Electronic Thesis and Dissertation Repository

Degree

Master of Science

Program

Computer Science

Supervisor(s)

Dr. Jamie Andrews

Abstract

As the population of disabled people continues to grow, designing accessible applications is still a challenge, since most applications are incompatible with assistive technologies used by disabled people to interact with the computer. This accessibility issue is usually caused by the reluctance of software engineers or developers to include complete accessibility features in their applications, which in turn is often due to the extra cost and development effort required to dynamically adapt applications to a wide range of disabilities. Our aim to resolve accessibility issues led to the design and implementation of the "Johar" framework, which facilitates the development of applications accessible to both disabled and non-disabled users. In the Johar architectural model, the ability-based front-end user interfaces are called interface interpreters, while the application-specific logic or functionality implemented by application developers are called applications or apps. The seamless interaction between each interface interpreter and app is made possible by Johar.

In this thesis, we assure the quality of Johar by detecting and resolving many inconsistencies, omissions, irrelevancies, and other anomalies that can trigger unexpected or abnormal behaviour in Johar, and/or alter the smooth operation of interface interpreters and apps. Our approach to conducting the quality assurance involved reviewing the two components of Johar, johar.gem and johar.idf, by critically examining the functionality of classes in each component, including how classes interrelate and how functions are allocated or distributed among the classes. We also performed an exhaustive comparative review of four documents - IDF Format Specification document, XML Schema Document or XSD, the Interface Interpreter Specification document, and the johar.idf package - which are vital to the smooth running of all interface interpreters and apps. We also developed an automated testing tool in order to determine whether all errors or violations in an IDF (Interface Description File) are detected and reported.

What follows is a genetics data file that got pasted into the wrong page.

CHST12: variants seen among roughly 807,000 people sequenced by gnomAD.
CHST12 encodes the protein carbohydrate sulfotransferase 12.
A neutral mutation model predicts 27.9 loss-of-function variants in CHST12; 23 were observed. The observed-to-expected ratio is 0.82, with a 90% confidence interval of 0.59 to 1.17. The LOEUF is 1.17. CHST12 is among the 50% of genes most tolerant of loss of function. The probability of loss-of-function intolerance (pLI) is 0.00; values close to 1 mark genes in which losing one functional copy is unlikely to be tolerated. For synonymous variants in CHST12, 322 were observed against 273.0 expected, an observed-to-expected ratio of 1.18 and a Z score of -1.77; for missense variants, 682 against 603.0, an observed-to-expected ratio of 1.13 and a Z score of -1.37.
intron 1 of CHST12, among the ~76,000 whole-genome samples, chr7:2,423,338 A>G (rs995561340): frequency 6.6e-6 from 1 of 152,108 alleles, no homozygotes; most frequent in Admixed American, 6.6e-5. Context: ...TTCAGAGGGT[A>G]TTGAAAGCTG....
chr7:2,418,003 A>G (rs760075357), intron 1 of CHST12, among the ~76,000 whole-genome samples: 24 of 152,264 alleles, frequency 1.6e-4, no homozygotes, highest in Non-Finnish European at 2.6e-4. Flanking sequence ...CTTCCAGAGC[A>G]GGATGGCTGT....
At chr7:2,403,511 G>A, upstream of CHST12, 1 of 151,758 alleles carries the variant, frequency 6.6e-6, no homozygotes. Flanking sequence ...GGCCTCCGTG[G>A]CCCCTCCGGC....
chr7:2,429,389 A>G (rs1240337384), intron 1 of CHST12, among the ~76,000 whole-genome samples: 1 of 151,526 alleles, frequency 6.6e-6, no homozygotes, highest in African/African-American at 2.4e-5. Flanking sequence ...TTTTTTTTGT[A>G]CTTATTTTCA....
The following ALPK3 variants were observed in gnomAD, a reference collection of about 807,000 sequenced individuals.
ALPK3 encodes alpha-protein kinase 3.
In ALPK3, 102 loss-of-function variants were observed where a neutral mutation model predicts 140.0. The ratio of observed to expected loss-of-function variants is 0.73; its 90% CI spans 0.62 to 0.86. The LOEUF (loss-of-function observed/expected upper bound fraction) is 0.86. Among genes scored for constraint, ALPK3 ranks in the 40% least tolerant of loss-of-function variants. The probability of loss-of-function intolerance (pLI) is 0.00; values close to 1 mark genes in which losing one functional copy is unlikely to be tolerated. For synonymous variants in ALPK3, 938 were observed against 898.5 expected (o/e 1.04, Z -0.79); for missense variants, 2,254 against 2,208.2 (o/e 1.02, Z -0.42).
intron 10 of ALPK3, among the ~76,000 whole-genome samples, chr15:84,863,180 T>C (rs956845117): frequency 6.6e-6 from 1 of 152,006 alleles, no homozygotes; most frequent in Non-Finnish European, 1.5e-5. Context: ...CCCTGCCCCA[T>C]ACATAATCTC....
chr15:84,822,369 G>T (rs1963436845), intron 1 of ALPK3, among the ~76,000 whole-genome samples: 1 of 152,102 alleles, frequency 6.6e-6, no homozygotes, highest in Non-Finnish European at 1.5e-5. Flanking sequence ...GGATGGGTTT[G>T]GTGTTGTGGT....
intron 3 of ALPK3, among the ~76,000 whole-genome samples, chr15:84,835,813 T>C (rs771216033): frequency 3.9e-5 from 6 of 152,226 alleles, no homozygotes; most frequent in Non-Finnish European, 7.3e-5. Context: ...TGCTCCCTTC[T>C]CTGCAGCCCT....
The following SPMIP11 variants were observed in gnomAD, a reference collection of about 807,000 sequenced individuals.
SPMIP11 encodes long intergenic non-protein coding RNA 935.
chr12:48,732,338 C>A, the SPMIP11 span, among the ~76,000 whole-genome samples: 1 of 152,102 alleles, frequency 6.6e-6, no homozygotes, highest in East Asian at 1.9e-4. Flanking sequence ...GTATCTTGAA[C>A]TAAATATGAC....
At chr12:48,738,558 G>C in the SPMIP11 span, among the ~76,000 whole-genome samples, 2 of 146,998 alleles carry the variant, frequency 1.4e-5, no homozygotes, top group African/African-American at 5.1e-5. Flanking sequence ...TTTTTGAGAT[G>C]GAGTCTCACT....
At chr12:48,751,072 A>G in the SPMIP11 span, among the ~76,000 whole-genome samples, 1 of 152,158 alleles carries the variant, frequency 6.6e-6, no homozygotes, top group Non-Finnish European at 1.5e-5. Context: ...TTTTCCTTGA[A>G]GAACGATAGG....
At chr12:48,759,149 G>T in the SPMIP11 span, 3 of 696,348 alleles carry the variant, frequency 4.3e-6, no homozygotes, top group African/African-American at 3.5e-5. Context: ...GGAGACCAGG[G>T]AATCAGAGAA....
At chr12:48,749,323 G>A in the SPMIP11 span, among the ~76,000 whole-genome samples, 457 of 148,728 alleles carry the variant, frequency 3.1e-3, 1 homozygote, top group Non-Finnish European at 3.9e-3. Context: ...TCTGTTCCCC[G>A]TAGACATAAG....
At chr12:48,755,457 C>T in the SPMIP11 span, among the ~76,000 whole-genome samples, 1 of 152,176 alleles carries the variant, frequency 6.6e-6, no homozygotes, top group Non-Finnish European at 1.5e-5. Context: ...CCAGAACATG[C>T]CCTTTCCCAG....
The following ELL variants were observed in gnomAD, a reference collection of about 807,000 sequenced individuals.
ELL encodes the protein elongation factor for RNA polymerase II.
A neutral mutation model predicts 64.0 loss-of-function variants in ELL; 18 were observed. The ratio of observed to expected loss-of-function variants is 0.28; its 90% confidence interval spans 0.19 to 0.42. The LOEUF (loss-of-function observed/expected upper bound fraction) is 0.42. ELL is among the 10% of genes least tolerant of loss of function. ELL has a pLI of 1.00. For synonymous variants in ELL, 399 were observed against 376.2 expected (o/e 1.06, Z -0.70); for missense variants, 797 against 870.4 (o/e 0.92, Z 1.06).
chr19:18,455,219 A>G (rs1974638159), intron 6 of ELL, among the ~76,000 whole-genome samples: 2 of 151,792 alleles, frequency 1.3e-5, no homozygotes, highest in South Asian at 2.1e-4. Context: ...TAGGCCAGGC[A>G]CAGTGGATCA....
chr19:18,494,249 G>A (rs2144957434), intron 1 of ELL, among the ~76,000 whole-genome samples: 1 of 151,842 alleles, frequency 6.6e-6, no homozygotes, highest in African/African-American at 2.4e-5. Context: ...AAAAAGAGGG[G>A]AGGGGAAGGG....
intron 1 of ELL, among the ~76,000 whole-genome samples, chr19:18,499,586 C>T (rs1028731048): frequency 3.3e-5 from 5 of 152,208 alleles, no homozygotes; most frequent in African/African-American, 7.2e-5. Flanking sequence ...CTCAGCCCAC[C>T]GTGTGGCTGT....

As part of this thesis, we designed and implemented an interface interpreter, called Star that presents WIMP (Windows, Icons, Menus, and Pointers) graphical user interfaces to users, which is based on the "new version" of Johar. This new version evolved as a result of the redesign activities carried out on the Johar components and the various modifications effected during the quality assurance process. We also demonstrated the usage of Star on two apps to prove Johar’s ability to guarantee smooth interaction between interface interpreters and apps. Finally, in this thesis, we designed two other interface interpreters which will be implemented in the near future.


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